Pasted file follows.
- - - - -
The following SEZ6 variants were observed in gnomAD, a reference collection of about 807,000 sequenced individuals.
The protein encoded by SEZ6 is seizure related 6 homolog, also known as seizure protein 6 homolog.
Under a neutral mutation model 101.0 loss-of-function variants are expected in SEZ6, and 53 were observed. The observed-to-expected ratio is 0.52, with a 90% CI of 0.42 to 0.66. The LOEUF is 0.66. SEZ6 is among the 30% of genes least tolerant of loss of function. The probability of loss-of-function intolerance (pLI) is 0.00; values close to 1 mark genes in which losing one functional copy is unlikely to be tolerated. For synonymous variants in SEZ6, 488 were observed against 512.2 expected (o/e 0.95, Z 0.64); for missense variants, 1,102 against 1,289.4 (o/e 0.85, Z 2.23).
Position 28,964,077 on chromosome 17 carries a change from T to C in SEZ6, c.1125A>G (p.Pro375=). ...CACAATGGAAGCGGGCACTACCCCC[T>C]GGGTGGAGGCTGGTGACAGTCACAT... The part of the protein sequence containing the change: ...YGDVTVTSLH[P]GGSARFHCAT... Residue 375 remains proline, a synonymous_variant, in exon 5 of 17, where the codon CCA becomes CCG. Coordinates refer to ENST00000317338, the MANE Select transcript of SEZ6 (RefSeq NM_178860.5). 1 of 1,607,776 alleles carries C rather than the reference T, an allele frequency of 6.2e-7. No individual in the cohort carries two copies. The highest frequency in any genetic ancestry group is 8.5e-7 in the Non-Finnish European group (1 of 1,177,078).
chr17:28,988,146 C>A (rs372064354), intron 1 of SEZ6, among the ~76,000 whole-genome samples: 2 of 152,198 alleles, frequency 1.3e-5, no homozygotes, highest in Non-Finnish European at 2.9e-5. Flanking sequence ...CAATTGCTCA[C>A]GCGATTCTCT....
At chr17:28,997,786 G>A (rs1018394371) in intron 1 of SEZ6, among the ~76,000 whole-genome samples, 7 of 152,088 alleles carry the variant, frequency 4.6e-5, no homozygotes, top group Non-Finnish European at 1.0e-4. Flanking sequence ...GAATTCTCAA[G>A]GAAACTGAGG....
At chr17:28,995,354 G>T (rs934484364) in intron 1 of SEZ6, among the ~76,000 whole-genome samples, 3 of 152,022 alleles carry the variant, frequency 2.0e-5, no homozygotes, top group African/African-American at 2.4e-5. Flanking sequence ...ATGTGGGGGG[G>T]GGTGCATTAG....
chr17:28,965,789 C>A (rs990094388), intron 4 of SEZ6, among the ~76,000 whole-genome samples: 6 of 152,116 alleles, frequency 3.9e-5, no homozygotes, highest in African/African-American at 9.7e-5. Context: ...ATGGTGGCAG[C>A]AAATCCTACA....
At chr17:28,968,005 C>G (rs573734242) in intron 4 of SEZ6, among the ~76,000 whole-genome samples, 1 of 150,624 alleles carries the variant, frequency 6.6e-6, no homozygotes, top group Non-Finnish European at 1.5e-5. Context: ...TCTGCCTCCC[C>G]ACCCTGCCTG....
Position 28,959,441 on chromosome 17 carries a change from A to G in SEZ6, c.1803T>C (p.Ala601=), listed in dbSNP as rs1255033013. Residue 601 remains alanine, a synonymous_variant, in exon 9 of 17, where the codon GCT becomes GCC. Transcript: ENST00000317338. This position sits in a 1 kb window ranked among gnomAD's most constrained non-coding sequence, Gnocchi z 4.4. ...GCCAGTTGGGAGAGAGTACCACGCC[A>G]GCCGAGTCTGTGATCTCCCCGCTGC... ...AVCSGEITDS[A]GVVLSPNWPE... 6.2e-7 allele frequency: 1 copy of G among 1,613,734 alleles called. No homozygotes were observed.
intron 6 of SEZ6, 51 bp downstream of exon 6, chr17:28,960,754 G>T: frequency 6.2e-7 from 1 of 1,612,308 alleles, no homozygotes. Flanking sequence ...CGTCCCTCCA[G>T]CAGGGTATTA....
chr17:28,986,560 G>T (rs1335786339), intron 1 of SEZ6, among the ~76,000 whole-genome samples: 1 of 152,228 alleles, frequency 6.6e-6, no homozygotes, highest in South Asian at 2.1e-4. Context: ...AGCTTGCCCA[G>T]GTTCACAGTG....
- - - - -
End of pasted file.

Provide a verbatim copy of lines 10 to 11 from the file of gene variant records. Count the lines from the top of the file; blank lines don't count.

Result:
Position 28,959,441 on chromosome 17 carries a change from A to G in SEZ6, c.1803T>C (p.Ala601=), listed in dbSNP as rs1255033013. Residue 601 remains alanine, a synonymous_variant, in exon 9 of 17, where the codon GCT becomes GCC. Transcript: ENST00000317338. This position sits in a 1 kb window ranked among gnomAD's most constrained non-coding sequence, Gnocchi z 4.4. ...GCCAGTTGGGAGAGAGTACCACGCC[A>G]GCCGAGTCTGTGATCTCCCCGCTGC... ...AVCSGEITDS[A]GVVLSPNWPE... 6.2e-7 allele frequency: 1 copy of G among 1,613,734 alleles called. No homozygotes were observed.
intron 6 of SEZ6, 51 bp downstream of exon 6, chr17:28,960,754 G>T: frequency 6.2e-7 from 1 of 1,612,308 alleles, no homozygotes. Flanking sequence ...CGTCCCTCCA[G>T]CAGGGTATTA....